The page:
Chiropractic care can be very beneficial to a patient’s overall health plan, and while regularly scheduled manipulations and adjustments are a key component of the care, the patient also needs to maintain their alignment in between visits to their practitioner. Exercises and stretching are also necessary practices to assist a patient in their daily well-being.
A chiropractor will recommend particular exercises, based on the individual patient’s situation, and they will likely provide take-home reference sheets or instructions. The purpose of these exercises is to help “reinforce the adjustment” and “retrain various muscle groups” to lessen the likelihood of re-injury. In addition to these prescribed special movements, chiropractors will recommend regular exercise to their patients, such as running, swimming, or even walking. Sticking to an exercise plan “encourages muscles and joints to stretch and engage through their full range of motion”. It is important to not continuously engage in activities that increase pain. The patient needs to listen to their body and take breaks as needed.1
Posture and Alignment
Certain habitual and repetitive actions can continue the same pain scenario and misalignment. In other words, it doesn’t make sense to sit on the same couch in the same slouch! Besides considering ergonomics (i.e., a proper desk chair, seat, mattress, pillow, etc.), it is important to sit with proper posture.2 Stopping or limiting the injurious behaviors can greatly reduce the amount of chiropractic visits needed to maintain alignment.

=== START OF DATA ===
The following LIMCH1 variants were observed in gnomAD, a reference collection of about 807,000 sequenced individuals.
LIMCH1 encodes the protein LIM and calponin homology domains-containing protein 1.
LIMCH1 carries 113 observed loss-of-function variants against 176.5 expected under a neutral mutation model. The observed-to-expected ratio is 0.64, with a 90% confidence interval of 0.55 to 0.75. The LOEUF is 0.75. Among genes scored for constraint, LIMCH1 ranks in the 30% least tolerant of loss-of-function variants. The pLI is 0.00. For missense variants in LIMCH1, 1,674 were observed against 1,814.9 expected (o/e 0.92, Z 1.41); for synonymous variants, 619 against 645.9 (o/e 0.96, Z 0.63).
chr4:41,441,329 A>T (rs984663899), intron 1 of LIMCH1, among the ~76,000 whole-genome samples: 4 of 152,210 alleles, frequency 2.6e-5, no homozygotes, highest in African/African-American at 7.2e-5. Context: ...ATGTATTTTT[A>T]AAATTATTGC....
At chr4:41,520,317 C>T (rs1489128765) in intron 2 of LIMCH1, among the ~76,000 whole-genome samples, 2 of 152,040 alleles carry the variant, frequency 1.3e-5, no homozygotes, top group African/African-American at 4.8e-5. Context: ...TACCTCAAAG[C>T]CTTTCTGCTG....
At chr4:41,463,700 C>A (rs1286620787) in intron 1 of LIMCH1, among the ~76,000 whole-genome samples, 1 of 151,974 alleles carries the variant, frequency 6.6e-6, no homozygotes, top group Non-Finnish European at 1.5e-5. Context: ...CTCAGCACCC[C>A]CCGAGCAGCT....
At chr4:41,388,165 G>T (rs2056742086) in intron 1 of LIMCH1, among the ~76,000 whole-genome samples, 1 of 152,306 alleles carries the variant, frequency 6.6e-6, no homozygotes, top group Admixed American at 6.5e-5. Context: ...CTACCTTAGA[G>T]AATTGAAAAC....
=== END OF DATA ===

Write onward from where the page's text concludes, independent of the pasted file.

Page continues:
Stretching and Moving
In addition to exercises, chiropractors will likely recommend stretching techniques that a patient can do as “homework”.3 Like with the exercises, patients will be encouraged to avoid pulling or pushing on the neck. When working on range of motion, patients need to make sure that they don’t “pop” the neck or back or pull on their head. Patients should make sure that they rest for several minutes after their adjustment, and take their stretching exercises slowly. They should “pay attention to signs of fatigue” and take breaks as needed. When moving or stretching, the lower back needs to be supported, and the head should not be tilted too far back or forward. Any activities that require lifting the hands above the head should include frequent rest periods.4
Finally, it is important to remember that stress and tension contribute to poor posture, neck pain, back pain, reduced range of motion, and a compromised metabolism and immune system. Tense and tight muscles can pull a spine out of alignment. By using stress reduction techniques, or even engaging in meditation or yoga, a patient may find that the benefits of their chiropractic visits last much longer.
Find out more about chiropractic and ergonomics.